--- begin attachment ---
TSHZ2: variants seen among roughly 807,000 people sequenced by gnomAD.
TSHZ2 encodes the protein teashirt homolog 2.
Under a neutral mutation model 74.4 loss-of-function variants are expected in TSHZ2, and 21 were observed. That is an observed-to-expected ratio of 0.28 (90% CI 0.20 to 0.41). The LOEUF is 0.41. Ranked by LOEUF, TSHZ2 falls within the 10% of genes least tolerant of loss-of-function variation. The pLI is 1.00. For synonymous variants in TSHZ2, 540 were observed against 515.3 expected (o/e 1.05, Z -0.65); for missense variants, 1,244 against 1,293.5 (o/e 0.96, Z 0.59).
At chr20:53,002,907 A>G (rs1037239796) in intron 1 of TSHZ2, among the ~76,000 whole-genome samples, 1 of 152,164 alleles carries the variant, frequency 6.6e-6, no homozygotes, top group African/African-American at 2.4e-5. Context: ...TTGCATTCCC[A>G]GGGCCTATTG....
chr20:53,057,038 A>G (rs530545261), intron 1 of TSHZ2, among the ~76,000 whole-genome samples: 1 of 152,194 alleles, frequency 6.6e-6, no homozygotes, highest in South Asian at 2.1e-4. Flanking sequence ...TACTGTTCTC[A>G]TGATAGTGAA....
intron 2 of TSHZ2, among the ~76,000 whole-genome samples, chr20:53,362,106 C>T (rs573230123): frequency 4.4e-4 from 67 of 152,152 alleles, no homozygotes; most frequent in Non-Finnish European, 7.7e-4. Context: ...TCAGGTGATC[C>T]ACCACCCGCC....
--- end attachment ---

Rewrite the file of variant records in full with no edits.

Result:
TSHZ2: variants seen among roughly 807,000 people sequenced by gnomAD.
TSHZ2 encodes the protein teashirt homolog 2.
Under a neutral mutation model 74.4 loss-of-function variants are expected in TSHZ2, and 21 were observed. That is an observed-to-expected ratio of 0.28 (90% CI 0.20 to 0.41). The LOEUF is 0.41. Ranked by LOEUF, TSHZ2 falls within the 10% of genes least tolerant of loss-of-function variation. The pLI is 1.00. For synonymous variants in TSHZ2, 540 were observed against 515.3 expected (o/e 1.05, Z -0.65); for missense variants, 1,244 against 1,293.5 (o/e 0.96, Z 0.59).
At chr20:53,002,907 A>G (rs1037239796) in intron 1 of TSHZ2, among the ~76,000 whole-genome samples, 1 of 152,164 alleles carries the variant, frequency 6.6e-6, no homozygotes, top group African/African-American at 2.4e-5. Context: ...TTGCATTCCC[A>G]GGGCCTATTG....
chr20:53,057,038 A>G (rs530545261), intron 1 of TSHZ2, among the ~76,000 whole-genome samples: 1 of 152,194 alleles, frequency 6.6e-6, no homozygotes, highest in South Asian at 2.1e-4. Flanking sequence ...TACTGTTCTC[A>G]TGATAGTGAA....
intron 2 of TSHZ2, among the ~76,000 whole-genome samples, chr20:53,362,106 C>T (rs573230123): frequency 4.4e-4 from 67 of 152,152 alleles, no homozygotes; most frequent in Non-Finnish European, 7.7e-4. Context: ...TCAGGTGATC[C>T]ACCACCCGCC....